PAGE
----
The Curious Case of Benjamin Button, which was released in the U.S. in 2008, is a film whose screenplay is loosely adapted from the 1920s story by F. Scott Fitzgerald having the same name. David Fincher directs the fantasy, drama, and romance movie while Eric Roth and Robin Swicord take charge of the screenplay.Advertising We will write a custom critical writing sample on Movie Review and Critique: The Curious Case of Benjamin Button specifically for you for only $16.05 $11/page Learn More The film stirs Benjamin Button (Brad Pitt, apparent adult) as a man who is born with the look and physical maladies of a very old man and to the disappointment of everyone as he ages backwards (Scott, para. 3; Ebert, para. 1). This is the major conflict in the movie. The movie, starting nicely with greatly marinated food for thought and shifting towards an emotional ending that is as light as a feather, tells the story of Benjamin who is born just after the end of the Second World War in 1918 and lives well into the 21st century. Benjamin’s time traveler story, set in New Orleans, is about the individuals and locations he comes across as he moves, the loves he misplaces and discovers, the pleasure of life and the sorrow of decease, and what endures beyond time. The visually and emotionally rich film tells the life of Benjamin through his diary read to an old woman named Daisy (Cate Blanchett, adult) by her daughter, Caroline (Julia Ormond). The â€Å"curious case† in Benjamin’s life is that he is born as tiny shriveled aged elderly man (Sciretta, para. 2). Nonetheless, he lives like any normal man, as he grows younger and younger until he is a fully-grown person. Surprisingly, he dwindles to a young man and ultimately to an infant once again until he passes on in Daisy’s arms (Plowman, para.1). As a wizened geezer at the start of his weird life, Benjamin bumps into Daisy, a brilliant ballet dancer (Fisher, para. 3). Af ter some encounters, the two establish an instant connection, which cannot be said to be either creepy or paedophilic (Lipovetsky, para. 3). And, as they become of comparable physical age, they have a short passionate love affair. However, the contra-flow of time necessitates their separation and Benjamin departs. Eventually, when he shows up at twelve years of age, Daisy takes care of him until his death as an infant. The technical digital trickery that Fincher uses to create the characters in the film is definitely astounding. Fincher’s technical wizardry to increase the ages of the characters and also the way he makes them to look younger, in their teenage years, is extraordinary. Of particular mention is how Daisy is shown as an aged woman in a New Orleans hospital. The film’s director digitally tweaked Cate Blanchett’s skin so as to appear dissonantly smooth throughout the entire face, including the eyes. This is the same technique used for treating the ski ns of burns victims.Advertising Looking for critical writing on art and design? Let's see if we can help you! Get your first paper with 15% OFF Learn More The entire appearances of most of the actors’ skin have a metallic gloss. This makes them to look as though they can ring when tapped. The characters do not look as young people as such. They bear more resemblance to robot-replicants from Planet West world. Thus, this is the major inconsistency evident in the movie. However, worth mentioning, the character with a real-looking appearance is that of Julia Ormond when he reads aloud from Benjamin’s diary. Fincher demonstrated good skills in directing the film. The director winds the clock in such a manner that the wearing ordeal has an indisputable story line, which is pleasant from the beginning until the movie culminates (McCarthy, para. 4). The film’s director added a dimension of delicacy to the movie making as it clearly stands on the shoulders of other films released during that time (Bradshaw, para. 2). Whereas he considers treating his viewers to a small number of grand, special-effect showpieces, the director places more attention in the creation of the actors. Most importantly, as described above, the appearance of his stars: Benjamin and Daisy (as adults). At one hundred and sixty-seven minutes and no, not in reverse time, there is no time wasted; each shot is jaw dropping. Although the movie was adapted from an earlier version of a book, its screenplay is very different since it is only its title, Benjamin’s name and several aspects of the aging process that are maintained in its production. The Curious Case of Benjamin Button is a well-made movie. The characters who participated in the story did their best. The filmmakers took no chances; they crammed each scene with detail. The century-bridging costumes developed by the production designer have are top-notch in effectively delivering the intended message. The filmmakers concentrated in shooting mainly deep focus images so as to make best use of information in each frame. In addition, it is important to note that the depth of the blacks they accomplish shooting on digital is astonishing. Thus, the film is worth watching especially for those who want to know the importance of the aging process. Works Cited Bradshaw, Peter. â€Å"The Curious Case of Benjamin Button.† Guardian.co.uk. Guardian News and Media Ltd, 6 Feb. 2009. Web. http://www.guardian.co.uk/film/2009/feb/06/benjamin-button-brad-pitt-cate-blanchettAdvertising We will write a custom critical writing sample on Movie Review and Critique: The Curious Case of Benjamin Button specifically for you for only $16.05 $11/page Learn More Ebert, Roger. â€Å"The Curious Case of Benjamin Button.† Rogerebert.com. Chicago Sun-Times, 23 Dec. 2008. Web. http://rogerebert.suntimes.com/apps/pbcs.dll/article?AID=/20081223/REVIEWS/812239995 Fisher, Jon athan. â€Å"The Curious Case of Benjamin Button.† Thefilmbrief.com. The Film Brief, 27 Dec. 2008. Web. http://www.thefilmbrief.com/2008/12/curious-case-of-benjamin-button.html Lipovetsky, Josh. â€Å"Curious Case of Benjamin Button – Essential Themes.† Film  Insight.net. The Film Insight, 3 Jan. 2009. Web. http://filminsight.net/2009/02/20/the-curious-case-of-benjamin-button-essential-themes/ McCarthy, Todd. â€Å"The Curious Case of Benjamin Button.† Variety.com. Reed Business Information, 2011. Web. http://www.variety.com/review/VE1117939098/ Plowman, Nick. â€Å"The Curious Case of Benjamin Button.† Fataculture. Film and Television Appreciation Culture, 3 Jan. 2009. Web. http://fataculture.wordpress.com/2009/01/03/review-the-curious-case-of-benjamin-button/ Sciretta, Peter. â€Å"The Curious Case of Benjamin Button Movie Trailer.†Ã‚  Slashfilm.com. 12 June 2008. Web. http://www.slashfilm.com/the-curious-case-of-benjamin-button-movie-tr ailer/ Scott, Anthony. â€Å"It’s the Age of a Child Who Grows From a Man.† Movies. The New York Times, 25 Dec. 2008. Web. http://movies.nytimes.com/2008/12/25/movies/25butt.htmlAdvertising Looking for critical writing on art and design? Let's see if we can help you! Get your first paper with 15% OFF Learn More This critical writing on Movie Review and Critique: The Curious Case of Benjamin Button was written and submitted by user Mario Cox to help you with your own studies. You are free to use it for research and reference purposes in order to write your own paper; however, you must cite it accordingly. You can donate your paper here.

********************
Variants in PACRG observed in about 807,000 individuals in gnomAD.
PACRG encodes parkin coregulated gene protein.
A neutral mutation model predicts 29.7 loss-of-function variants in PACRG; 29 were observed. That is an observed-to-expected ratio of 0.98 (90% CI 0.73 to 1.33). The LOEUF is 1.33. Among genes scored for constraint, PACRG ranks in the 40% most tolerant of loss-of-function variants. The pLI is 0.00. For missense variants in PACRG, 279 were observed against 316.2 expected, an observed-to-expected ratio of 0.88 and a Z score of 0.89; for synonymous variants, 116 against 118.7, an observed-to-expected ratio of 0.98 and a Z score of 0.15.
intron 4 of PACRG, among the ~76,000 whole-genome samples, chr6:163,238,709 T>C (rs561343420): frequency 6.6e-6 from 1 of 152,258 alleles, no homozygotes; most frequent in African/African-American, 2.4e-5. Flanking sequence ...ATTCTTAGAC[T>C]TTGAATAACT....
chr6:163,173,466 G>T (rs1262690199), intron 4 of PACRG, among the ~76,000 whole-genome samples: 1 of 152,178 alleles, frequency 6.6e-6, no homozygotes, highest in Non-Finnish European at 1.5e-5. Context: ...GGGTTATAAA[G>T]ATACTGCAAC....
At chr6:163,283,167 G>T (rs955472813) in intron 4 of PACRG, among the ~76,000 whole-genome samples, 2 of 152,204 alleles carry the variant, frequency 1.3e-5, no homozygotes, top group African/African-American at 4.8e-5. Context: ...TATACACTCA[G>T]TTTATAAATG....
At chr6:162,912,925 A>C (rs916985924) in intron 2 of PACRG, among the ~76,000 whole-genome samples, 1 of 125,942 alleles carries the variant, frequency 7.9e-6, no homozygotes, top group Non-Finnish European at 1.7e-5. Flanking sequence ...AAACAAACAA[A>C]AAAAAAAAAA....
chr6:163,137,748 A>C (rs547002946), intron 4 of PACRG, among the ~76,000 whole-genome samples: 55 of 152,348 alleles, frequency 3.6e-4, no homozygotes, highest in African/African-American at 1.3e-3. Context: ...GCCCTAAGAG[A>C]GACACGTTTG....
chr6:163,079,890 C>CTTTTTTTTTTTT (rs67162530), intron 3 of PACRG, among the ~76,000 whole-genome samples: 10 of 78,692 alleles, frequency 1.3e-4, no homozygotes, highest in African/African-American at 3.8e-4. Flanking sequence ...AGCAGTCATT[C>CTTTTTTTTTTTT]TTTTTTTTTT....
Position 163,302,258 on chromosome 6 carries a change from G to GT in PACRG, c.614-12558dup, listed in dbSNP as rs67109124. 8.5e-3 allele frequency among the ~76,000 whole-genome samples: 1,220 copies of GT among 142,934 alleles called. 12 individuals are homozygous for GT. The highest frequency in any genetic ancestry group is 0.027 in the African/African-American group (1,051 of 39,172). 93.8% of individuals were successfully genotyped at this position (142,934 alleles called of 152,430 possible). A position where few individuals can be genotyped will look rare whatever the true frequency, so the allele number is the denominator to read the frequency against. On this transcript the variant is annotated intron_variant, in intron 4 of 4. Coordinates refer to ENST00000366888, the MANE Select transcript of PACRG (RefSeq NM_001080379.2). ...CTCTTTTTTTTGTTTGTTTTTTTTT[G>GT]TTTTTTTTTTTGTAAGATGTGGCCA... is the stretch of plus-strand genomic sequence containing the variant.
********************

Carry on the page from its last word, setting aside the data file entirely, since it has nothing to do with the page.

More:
Friday, March 6, 2020